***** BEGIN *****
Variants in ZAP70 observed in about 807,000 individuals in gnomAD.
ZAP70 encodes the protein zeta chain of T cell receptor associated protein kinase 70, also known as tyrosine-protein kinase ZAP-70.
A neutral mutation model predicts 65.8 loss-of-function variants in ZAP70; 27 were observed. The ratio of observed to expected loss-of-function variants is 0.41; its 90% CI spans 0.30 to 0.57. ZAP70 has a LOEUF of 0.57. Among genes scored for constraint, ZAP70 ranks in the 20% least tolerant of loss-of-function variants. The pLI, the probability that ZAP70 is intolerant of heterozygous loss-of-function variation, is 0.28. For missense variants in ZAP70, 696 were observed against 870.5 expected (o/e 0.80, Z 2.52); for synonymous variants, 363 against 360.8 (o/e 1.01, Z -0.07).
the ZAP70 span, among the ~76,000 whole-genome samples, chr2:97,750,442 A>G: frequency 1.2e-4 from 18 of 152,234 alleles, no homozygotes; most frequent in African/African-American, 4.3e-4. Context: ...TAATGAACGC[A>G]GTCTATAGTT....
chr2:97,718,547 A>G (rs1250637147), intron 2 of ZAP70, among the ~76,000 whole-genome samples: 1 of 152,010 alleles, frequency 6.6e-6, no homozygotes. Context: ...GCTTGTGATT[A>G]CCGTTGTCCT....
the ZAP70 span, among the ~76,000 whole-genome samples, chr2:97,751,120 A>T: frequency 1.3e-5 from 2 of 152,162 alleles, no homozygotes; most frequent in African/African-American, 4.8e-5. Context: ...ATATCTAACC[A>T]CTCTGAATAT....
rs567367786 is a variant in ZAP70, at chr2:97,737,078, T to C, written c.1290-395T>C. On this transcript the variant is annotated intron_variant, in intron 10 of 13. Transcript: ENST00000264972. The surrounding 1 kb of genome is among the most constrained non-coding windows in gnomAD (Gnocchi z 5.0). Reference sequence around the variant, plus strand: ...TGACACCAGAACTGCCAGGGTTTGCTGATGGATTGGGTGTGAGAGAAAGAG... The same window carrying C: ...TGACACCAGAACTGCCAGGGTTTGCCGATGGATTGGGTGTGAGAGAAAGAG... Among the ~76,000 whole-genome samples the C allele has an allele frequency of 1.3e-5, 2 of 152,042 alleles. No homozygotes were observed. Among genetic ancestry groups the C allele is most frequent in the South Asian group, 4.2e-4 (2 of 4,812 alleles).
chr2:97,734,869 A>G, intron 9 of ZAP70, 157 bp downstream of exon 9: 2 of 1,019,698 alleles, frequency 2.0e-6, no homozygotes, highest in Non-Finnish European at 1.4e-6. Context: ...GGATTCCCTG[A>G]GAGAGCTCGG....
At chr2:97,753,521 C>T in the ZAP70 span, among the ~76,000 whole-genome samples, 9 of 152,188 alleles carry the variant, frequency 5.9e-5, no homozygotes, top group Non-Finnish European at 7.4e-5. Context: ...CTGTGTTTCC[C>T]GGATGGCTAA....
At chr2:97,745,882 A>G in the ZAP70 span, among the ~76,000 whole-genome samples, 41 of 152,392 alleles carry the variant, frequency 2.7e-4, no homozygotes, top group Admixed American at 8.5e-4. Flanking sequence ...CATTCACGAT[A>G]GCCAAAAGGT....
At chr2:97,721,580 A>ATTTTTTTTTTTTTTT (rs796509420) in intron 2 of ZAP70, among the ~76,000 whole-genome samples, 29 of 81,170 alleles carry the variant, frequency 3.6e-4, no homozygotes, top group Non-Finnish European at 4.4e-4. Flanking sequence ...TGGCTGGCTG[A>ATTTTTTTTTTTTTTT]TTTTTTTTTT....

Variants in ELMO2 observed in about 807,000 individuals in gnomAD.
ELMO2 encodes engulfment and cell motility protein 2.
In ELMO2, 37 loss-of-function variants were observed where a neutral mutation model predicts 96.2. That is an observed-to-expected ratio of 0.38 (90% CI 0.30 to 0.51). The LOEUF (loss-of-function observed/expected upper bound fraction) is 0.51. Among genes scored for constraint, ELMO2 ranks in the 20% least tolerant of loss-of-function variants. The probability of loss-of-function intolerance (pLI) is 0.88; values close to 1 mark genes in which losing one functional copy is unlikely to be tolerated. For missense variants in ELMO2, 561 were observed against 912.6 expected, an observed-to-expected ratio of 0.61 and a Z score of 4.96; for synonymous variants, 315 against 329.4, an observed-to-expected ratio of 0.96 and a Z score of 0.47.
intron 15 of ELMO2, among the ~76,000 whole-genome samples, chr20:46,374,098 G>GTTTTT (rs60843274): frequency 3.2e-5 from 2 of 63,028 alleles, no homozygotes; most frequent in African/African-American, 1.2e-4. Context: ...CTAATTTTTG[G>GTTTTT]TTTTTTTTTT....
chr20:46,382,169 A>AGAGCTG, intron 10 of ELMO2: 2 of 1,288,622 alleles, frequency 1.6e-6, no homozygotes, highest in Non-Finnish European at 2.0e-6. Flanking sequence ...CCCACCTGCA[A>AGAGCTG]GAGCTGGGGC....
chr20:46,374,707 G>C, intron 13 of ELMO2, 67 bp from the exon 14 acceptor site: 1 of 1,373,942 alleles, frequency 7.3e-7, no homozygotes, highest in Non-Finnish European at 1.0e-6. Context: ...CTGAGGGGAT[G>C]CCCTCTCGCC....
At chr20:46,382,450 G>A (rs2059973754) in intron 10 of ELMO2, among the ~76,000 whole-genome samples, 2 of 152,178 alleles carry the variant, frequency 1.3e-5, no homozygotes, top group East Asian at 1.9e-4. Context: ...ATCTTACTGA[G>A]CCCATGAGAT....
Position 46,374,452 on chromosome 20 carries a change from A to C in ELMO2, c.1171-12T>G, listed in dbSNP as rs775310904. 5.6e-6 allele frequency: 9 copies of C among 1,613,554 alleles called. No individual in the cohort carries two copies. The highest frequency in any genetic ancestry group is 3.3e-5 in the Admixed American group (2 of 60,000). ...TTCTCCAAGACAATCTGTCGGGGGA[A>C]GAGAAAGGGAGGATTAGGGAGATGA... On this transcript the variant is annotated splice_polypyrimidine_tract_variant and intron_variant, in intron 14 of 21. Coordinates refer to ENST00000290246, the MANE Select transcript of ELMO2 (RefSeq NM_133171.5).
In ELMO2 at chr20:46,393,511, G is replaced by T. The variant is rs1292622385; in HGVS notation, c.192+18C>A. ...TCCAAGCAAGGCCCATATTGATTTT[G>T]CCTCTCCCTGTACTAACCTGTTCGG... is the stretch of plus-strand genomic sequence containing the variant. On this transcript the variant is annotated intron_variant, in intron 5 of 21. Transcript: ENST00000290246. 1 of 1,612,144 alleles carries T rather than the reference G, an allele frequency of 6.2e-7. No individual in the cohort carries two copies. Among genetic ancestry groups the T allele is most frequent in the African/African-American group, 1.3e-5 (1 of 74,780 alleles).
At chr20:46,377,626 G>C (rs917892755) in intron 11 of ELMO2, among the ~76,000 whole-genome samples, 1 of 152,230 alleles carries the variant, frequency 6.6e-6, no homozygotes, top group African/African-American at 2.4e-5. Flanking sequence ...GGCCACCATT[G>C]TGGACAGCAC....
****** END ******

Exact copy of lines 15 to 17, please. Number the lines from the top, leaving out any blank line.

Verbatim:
intron 15 of ELMO2, among the ~76,000 whole-genome samples, chr20:46,374,098 G>GTTTTT (rs60843274): frequency 3.2e-5 from 2 of 63,028 alleles, no homozygotes; most frequent in African/African-American, 1.2e-4. Context: ...CTAATTTTTG[G>GTTTTT]TTTTTTTTTT....
chr20:46,382,169 A>AGAGCTG, intron 10 of ELMO2: 2 of 1,288,622 alleles, frequency 1.6e-6, no homozygotes, highest in Non-Finnish European at 2.0e-6. Flanking sequence ...CCCACCTGCA[A>AGAGCTG]GAGCTGGGGC....
chr20:46,374,707 G>C, intron 13 of ELMO2, 67 bp from the exon 14 acceptor site: 1 of 1,373,942 alleles, frequency 7.3e-7, no homozygotes, highest in Non-Finnish European at 1.0e-6. Context: ...CTGAGGGGAT[G>C]CCCTCTCGCC....